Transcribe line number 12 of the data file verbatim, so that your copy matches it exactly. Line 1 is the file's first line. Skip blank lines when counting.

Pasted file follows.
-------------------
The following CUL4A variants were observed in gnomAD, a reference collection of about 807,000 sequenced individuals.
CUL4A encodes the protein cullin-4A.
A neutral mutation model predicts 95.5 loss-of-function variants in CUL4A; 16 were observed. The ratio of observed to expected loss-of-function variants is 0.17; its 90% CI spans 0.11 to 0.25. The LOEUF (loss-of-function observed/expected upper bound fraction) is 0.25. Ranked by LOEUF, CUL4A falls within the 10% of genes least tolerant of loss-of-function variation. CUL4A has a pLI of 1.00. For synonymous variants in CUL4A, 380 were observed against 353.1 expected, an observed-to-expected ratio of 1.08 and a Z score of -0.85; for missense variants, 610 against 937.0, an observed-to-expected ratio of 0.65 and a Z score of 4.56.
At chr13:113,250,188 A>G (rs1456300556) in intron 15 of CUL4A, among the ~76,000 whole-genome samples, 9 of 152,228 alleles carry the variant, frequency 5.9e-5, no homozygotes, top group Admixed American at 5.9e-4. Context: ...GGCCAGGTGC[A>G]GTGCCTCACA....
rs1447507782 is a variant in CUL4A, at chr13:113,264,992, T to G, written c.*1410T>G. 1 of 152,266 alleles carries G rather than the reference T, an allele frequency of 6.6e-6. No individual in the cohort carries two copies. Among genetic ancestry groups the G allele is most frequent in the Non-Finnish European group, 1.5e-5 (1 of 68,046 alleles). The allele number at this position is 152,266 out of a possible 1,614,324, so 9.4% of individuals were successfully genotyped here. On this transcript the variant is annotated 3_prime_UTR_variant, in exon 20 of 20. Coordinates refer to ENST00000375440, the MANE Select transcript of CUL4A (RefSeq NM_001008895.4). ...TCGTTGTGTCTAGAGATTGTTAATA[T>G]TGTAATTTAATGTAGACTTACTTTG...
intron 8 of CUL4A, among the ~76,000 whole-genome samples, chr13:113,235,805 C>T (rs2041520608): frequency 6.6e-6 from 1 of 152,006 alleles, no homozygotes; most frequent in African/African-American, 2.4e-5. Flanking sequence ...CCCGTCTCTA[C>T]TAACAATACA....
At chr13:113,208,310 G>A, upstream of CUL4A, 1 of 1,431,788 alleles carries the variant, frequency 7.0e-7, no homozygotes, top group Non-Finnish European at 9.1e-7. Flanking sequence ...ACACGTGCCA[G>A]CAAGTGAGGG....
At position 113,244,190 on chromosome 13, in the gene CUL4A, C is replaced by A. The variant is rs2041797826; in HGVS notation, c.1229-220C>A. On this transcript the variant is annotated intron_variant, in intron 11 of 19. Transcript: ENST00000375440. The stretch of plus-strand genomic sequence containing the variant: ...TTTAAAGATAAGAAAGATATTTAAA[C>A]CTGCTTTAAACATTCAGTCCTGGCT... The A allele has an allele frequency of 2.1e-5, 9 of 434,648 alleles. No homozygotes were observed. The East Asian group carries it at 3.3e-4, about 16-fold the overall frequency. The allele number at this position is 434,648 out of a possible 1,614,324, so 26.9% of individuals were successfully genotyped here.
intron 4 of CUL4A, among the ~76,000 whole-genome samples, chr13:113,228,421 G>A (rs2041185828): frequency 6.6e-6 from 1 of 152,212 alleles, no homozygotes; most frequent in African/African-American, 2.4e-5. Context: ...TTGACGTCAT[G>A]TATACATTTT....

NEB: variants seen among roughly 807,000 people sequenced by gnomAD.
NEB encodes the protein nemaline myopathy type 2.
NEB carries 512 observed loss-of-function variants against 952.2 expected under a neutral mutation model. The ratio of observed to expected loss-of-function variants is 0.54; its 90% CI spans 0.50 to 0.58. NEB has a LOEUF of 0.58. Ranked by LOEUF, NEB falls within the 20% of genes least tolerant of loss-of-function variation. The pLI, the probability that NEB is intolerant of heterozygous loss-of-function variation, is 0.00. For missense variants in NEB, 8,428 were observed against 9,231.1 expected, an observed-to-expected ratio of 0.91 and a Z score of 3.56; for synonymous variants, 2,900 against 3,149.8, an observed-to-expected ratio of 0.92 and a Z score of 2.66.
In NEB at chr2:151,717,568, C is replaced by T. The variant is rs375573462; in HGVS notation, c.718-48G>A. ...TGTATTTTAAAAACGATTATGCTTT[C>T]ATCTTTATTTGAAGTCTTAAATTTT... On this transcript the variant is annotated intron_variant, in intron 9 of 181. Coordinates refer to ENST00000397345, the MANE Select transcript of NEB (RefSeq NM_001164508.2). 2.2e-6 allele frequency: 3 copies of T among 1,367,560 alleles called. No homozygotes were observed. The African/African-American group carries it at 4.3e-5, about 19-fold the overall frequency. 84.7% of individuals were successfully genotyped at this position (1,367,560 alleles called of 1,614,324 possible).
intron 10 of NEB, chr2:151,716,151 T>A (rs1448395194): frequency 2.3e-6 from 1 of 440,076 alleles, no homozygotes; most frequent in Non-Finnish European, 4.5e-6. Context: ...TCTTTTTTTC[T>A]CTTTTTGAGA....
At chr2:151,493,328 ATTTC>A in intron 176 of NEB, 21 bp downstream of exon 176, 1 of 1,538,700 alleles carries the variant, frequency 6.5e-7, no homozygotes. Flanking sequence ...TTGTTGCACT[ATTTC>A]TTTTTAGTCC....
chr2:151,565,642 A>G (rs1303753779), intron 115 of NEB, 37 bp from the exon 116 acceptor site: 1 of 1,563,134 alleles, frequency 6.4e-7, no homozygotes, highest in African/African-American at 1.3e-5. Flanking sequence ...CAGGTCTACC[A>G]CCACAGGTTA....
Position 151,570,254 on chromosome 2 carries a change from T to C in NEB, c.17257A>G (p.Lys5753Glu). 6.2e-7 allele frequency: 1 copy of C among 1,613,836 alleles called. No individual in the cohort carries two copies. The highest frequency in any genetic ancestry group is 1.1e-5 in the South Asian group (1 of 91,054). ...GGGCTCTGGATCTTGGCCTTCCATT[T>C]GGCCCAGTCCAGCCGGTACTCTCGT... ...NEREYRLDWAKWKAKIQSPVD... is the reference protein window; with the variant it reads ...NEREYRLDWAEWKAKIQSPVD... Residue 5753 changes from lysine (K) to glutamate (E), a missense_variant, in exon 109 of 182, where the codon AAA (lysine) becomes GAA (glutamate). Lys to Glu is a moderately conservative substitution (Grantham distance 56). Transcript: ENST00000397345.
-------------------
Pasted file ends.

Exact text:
NEB carries 512 observed loss-of-function variants against 952.2 expected under a neutral mutation model. The ratio of observed to expected loss-of-function variants is 0.54; its 90% CI spans 0.50 to 0.58. NEB has a LOEUF of 0.58. Ranked by LOEUF, NEB falls within the 20% of genes least tolerant of loss-of-function variation. The pLI, the probability that NEB is intolerant of heterozygous loss-of-function variation, is 0.00. For missense variants in NEB, 8,428 were observed against 9,231.1 expected, an observed-to-expected ratio of 0.91 and a Z score of 3.56; for synonymous variants, 2,900 against 3,149.8, an observed-to-expected ratio of 0.92 and a Z score of 2.66.